Strategies for Stabilization and Activation of Biocatalysts in Organic Solvents
Stepankova, V., Bidmanova, S., Koudelakova, T., Prokop, Z., Chaloupkova, R., Damborsky, J.
ACS CATALYSIS 3: 2823-2836 (2013)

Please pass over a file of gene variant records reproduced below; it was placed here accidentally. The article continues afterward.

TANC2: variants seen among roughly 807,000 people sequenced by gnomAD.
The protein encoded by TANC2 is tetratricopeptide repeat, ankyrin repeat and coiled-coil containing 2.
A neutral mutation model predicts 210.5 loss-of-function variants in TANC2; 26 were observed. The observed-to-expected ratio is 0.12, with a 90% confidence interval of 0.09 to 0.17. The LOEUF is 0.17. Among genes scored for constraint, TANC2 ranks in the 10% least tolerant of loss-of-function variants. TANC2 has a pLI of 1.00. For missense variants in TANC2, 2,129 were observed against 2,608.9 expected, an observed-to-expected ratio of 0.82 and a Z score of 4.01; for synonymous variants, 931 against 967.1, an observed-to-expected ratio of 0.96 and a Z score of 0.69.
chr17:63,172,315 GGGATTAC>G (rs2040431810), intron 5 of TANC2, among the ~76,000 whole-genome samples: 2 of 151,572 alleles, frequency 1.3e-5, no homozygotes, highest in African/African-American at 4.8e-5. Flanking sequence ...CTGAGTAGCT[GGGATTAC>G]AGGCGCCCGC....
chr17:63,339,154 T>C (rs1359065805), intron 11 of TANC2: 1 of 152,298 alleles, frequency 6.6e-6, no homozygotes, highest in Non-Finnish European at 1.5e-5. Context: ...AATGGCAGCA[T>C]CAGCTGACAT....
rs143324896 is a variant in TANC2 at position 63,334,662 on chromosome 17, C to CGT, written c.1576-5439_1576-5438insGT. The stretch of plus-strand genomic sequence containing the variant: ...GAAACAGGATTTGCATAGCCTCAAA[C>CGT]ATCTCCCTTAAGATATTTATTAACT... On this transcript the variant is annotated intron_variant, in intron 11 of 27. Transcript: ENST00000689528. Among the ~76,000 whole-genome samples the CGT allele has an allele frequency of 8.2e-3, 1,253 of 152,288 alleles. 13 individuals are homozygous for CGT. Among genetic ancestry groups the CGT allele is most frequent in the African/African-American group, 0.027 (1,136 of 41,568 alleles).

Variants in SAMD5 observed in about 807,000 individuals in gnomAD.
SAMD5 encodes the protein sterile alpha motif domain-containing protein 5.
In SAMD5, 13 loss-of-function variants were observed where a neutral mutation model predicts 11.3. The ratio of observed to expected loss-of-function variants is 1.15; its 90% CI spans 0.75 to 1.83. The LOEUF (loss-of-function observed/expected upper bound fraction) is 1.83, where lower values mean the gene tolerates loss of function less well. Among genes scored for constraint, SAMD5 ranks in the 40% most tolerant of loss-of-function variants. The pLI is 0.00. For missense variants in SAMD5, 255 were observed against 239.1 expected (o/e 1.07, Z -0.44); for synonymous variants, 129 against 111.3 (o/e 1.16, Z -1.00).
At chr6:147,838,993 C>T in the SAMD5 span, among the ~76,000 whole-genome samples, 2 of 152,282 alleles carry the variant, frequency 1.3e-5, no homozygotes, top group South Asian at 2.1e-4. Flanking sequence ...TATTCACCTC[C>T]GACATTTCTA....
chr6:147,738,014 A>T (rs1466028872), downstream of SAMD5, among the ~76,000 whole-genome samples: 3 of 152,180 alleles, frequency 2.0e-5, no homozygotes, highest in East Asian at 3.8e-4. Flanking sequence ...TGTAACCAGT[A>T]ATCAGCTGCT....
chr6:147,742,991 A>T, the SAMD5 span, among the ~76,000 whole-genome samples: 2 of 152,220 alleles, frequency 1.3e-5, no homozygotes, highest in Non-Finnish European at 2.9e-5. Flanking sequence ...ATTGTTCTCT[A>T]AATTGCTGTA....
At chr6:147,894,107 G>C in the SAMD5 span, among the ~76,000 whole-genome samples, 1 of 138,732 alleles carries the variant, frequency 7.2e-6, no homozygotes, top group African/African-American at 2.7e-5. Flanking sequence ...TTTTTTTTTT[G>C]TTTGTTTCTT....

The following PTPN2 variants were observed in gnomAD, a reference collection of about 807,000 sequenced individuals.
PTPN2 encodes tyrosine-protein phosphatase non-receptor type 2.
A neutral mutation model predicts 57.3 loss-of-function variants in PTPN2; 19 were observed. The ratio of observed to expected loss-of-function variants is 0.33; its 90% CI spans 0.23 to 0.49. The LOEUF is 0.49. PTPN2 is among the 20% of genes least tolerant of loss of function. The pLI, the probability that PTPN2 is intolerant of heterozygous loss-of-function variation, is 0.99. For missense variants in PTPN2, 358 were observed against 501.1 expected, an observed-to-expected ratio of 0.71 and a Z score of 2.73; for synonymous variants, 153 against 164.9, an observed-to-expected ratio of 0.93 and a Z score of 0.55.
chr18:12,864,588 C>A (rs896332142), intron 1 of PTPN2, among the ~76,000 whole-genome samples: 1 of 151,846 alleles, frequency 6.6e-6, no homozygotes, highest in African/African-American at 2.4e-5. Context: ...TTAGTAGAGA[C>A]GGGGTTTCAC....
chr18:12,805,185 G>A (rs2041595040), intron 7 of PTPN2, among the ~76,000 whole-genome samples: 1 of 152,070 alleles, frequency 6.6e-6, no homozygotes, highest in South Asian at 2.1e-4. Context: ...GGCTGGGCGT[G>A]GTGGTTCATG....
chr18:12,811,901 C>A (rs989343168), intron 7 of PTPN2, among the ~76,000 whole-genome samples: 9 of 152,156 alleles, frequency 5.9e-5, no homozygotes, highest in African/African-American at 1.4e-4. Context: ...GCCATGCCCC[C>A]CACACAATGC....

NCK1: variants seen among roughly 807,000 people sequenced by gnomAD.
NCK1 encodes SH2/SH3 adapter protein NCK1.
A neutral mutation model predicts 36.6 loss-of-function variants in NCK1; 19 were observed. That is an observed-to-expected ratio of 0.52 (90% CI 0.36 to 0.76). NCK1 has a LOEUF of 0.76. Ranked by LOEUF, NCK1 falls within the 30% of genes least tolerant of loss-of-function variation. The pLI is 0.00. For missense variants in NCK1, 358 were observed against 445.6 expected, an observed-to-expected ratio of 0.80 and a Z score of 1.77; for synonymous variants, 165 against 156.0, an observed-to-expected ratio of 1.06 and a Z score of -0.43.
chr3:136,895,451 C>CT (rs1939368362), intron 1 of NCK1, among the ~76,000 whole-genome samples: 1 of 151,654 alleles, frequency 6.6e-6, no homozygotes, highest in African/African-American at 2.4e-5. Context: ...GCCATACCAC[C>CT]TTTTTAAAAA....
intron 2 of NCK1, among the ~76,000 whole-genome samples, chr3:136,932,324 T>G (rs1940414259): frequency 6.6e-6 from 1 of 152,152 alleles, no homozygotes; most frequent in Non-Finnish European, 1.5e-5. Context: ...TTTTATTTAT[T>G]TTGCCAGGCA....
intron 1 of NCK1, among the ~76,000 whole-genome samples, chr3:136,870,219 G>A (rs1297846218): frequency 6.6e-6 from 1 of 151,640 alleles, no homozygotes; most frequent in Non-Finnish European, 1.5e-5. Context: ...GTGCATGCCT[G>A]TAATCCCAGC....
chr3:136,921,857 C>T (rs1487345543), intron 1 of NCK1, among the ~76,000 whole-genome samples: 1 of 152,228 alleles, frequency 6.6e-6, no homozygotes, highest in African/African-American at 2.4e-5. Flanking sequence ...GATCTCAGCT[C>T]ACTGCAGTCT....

One of the major barriers to the use of enzymes in industrial biotechnology is their insufficient stability under processing conditions. The use of organic solvent systems instead of aqueous media for enzymatic reactions offers numerous advantages, such as increased solubility of hydrophobic substrates or suppression of water-dependent side reactions. For example, reverse hydrolysis reactions that form esters from acids and alcohols can become thermodynamically favourable in organic solution. However, organic solvents often inactivate enzymes. Industry and academia have devoted considerable effort into developing effective strategies to enhance the lifetime of enzymes in the presence of organic solvents. The strategies can be grouped into three main categories: (i) isolation of novel enzymes functioning under extreme conditions, (ii) modification of enzyme structures to increase their resistance towards non-conventional media, and (iii) modification of the solvent environment to decrease its denaturing effect on enzymes. Here, we discuss successful examples representing each of these categories and summarize their advantages and disadvantages. Finally, we highlight some potential future research directions in the field, such as investigation of novel nanomaterials for immobilization, wider application of computational tools for semi-rational prediction of stabilizing mutations, knowledge-driven modification of key structural elements learned from successfully engineered proteins or replacement of volatile organic solvents by ionic liquids and deep eutectic solvents.